15 July 2012

Missouri River: Meditation #1

The river lay before me, placidly darkly taupe in its whispering rush past the city. I stood on a platform overlooking the water, the heat of the sun-blasted board soaking up through my shoes. I was at the confluence of a lull in the noise of cars and trains, with no one there to share the overlook. My hands rested on a tube steel guardrail, dull brown steel clasped in my sweating hands. I could feel the humidity rising from the water.

Across the muddy divide, the far bank stood thick and green with trees. Perhaps it was heat or fatigue, but for a brief moment I felt like the Roman emperor Marcus Aurelius, facing the Marcomanni at the River Danube. What tribesmen were waiting for me in that dusty green, that I could vanquish with my cameras and guile to assume the title of "Germanicus?"

Ha. I chuckled. My brain was reacting in strange ways to this extended heat wave in the heart of the country. There would be no victory arch erected for me. I did not come here to conquer, only to take pictures. I suppose the triumph of my return would be the reward of captivating images, should I be so lucky and skilled to make them. For most, the film would tell all, and that would have to wait.

The river flowed on. Small sounds reached my ears: the burble of water flowing against a channel marker. Buzz of insects in the underbrush and trees. Faint murmur of traffic from the bridges in each direction. The wind picked up momentarily, a small sirocco whirling its way downriver. What I did not hear was trains. There were no trains. It dawned on my that the lack of those rail sounds were what made me feel as if it was unearthly quiet down there by the river. I turned to peer at the tracks behind me.

Beads of sweat trickled down my neck, mildly shocking me with coolness as they lodged themselves along the camera straps criss-crossing my shoulders. "Photo-bandolero!" I say to myself, film canisters my ammunition, cameras my guns. The silver-brown rails glinted in the sun, and a movie played in my head.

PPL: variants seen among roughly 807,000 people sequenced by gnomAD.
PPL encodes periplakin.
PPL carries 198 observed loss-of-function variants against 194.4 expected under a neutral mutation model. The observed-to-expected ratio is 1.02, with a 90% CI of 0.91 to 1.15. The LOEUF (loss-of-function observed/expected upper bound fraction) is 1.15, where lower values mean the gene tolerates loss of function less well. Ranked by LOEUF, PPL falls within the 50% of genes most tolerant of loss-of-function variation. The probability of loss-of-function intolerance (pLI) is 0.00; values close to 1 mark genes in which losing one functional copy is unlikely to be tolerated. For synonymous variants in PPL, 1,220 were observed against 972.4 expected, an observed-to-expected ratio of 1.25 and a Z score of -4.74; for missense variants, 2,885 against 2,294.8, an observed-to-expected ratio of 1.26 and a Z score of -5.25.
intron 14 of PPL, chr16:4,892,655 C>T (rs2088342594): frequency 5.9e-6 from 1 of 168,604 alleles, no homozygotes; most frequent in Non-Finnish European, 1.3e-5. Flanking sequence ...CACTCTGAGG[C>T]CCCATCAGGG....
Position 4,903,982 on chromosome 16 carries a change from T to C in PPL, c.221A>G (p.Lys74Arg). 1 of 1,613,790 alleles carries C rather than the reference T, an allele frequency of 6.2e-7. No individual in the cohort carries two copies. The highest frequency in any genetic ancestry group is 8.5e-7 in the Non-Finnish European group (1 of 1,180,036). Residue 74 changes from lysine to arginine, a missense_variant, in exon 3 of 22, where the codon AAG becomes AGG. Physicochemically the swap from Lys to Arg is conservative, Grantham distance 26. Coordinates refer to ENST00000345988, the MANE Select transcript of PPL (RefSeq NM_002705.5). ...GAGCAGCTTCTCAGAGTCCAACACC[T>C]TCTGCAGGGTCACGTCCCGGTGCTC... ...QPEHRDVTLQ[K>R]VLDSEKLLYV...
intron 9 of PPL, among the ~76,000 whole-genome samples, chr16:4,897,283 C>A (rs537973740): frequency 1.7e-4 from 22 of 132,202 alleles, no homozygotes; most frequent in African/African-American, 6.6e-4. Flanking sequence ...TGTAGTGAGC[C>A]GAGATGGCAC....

Along comes a train, a miles-long ouroboros of freight and coal, and I somehow managed to climb the security fence surrounding the walkway over the tracks. The diesel leviathan rumbles slowly beneath my feet. I wait, holding my breath, until a car full of coal comes into view. I lean out to jump, spread-eagled and trying not to scream. I sink to my knees in anthracite and pray my ankles aren't broken. I'm off, heading into the golden west on the back of a metal serpent, to see what I can see and bring it back. The shaman begins his dreamquest, atop a mound of coal...

I blink. The solidity of the deck beneath my feet radiates rough warmth. Above me, a bird peeps and it calls me back to earth. There is no train. There is no coal. I am alone with the exception of a lone jogger coming up the trail that parallels the train tracks. The wire of the security screen is digging into my forehead, where I had rested it while studying the tracks below. The gunmetal ribbon of the rails winds it way along the river, heading west and into the industrial district far upriver beyond the bridge.

I step back from the screen, looking around to see if I have been observed. There is no one, which is good, I think. That way the look of wistfulness that must have been on my face would remain my own. There were no trains that afternoon, no stepping off of my soul on its search for something I have yet to define. I only know it is out there, silent and beckoning, waiting for me to meet it. Someday, I will. The river knows this, rolling to its own inscrutable rhythm, and it tells me I must do the same.

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